Since the time of Egyptian pharaohs, through the Middle Ages and all the way up to today, cumin is one of the most famous spices, which has a wide use in the kitchen. Cumin is distinguished by a bold smell and specific intrusive taste, which is especially appropriate in meat dishes. Nowadays, cumin is often added to various sausages of ground and minced meat, as well as to homemade sausages and blood sausages.
It is best to add cumin that is ground or powdered to them. The taste of cumin can be felt in the ingredients of curry and garam masala, which shows that cumin is among the most loved and favored spices by Indians. Latino Americans and Arabs also have an affinity for the unique taste of cumin.
Down to its core, cumin is a perennial or biennial essential oil plant - growing both in the wild and cultivated. Its Latin name is Cuminum cyminum, and it belongs to the same family as parsley and carrots - Apiaceae. Cumin roots are thick and fusiform. During their second year the roots reach a 0.8″ (2 cm) thickness and 3.9″ (10 cm) - 7.9″ (20 cm) length. The stem grows 7.9″ (20 cm) – 11.8″ (30 cm) tall, highly branched, hollow and with thin ridges along the length. The leaves are pinnate and thread-like.
The flowers of cumin are distinguished by their small size, being white or pale pink in color. Usually, the fruit is brownish, flat on the sides and with ridges longitudinally. Some of the ridges have growths, composing the fruit of 2 halves. During blooming, the two halves separate from each other, hanging on only by the lower part of the pedicle. It is best to only use the unripened fruits of cumin. Once they do ripen fully, they fall off easily and therefore you should not wait for them to do so.
Cumin blooms mainly in May - June. The fruit is ready for picking once it becomes dark brown in color. The dried seeds of cumin have a characteristic, strongly aromatic smell and an acrid taste. Its chemical composition is 3-7% essential oil, 13-16% fatty oils, proteins and others.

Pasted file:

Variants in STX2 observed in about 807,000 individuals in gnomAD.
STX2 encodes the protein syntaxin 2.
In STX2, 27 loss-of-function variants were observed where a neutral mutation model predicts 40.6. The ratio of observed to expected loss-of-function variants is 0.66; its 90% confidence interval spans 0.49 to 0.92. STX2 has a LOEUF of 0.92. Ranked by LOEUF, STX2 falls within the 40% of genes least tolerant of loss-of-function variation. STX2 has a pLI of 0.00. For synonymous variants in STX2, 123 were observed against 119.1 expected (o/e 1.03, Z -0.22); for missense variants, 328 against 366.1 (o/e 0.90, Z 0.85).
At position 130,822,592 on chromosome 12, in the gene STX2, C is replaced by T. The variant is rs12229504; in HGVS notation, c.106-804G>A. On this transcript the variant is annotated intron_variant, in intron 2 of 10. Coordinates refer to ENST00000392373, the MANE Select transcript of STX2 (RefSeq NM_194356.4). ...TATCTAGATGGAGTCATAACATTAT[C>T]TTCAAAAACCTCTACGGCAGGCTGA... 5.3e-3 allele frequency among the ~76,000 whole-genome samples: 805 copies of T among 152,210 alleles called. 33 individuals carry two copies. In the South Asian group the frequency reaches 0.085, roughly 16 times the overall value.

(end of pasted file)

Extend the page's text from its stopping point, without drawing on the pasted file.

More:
History of cumin
The popularity of cumin as a spice has been known since back in ancient Egypt. Proof of this is the discovery of cumin seeds in ancient Egyptian tombs. Cumin seeds are even mentioned in the Bible. Later, during the time of Roman emperors, cumin was treated not only as a spice but as a medicinal plant.
Pliny wrote how Nero was betrayed by one of his subjects, who had been taking infusions of cumin, which causes serious skin pallor. The tortured, pale likeness of skin of the Roman subject caused Nero to agree to all of his demands.
The birthplace of cumin are the lands of central Asia but today it is mostly grown in the Mediterranean countries, where it was originally cultivated. The largest plantations of cumin are found in Morocco, Egypt, India, Syria, North America and Chile.
Composition of cumin
Uses of cumin
Latino Americans, as well as Arabs regularly use cumin to season their dishes. It is also applied in the sausage industry, since it contains excellent preservation properties.
Cumin is often used to flavor bakery goods. It is a mandatory spice in the preparation of minced meat, sauerkraut with meat, cabbage with rice, grilled food items, salted biscuits and others. As well, it is an ingredient used in the creation of various liquors.
Benefits of cumin
Folk medicine has been applying the positive benefits of cumin to the human body for a long time. It is proven that cumin has carminative, cholagogue and nerve calming effects. These beneficial effects are connected to the digestive system.
It stimulates appetite, as well as stomach, pancreatic and biliary secretion, while at the same time relieving spasms and expelling gas from the intestines. Cumin can increase breast milk production and has an anti-inflammatory effect on the airways. Essential oils from the cumin plant help to increase and harmonize the defenses of the body.
Essential oils from cumin are also very beneficial against various allergic conditions. The processes for strengthening the immune system are accompanied by the capacity to combat hypersensitivity and allergic reactions. Cumin is a proven weapon against dust and pollen allergies, as well as against neurodermatitis.
Furthermore, cumin oils decrease blood sugar levels and show a bactericidal, anti-inflammatory and anodyne effect. Cumin oils have a favorable action during menstrual problems too. Cumin seeds contain iron and are good for the liver.
Dangers of cumin
Cumin has the capability to irritate the glands of the digestive system and to stimulate appetite. It is not healthy to intake large amounts of the spice because it can cause inflammation of the stomach lining.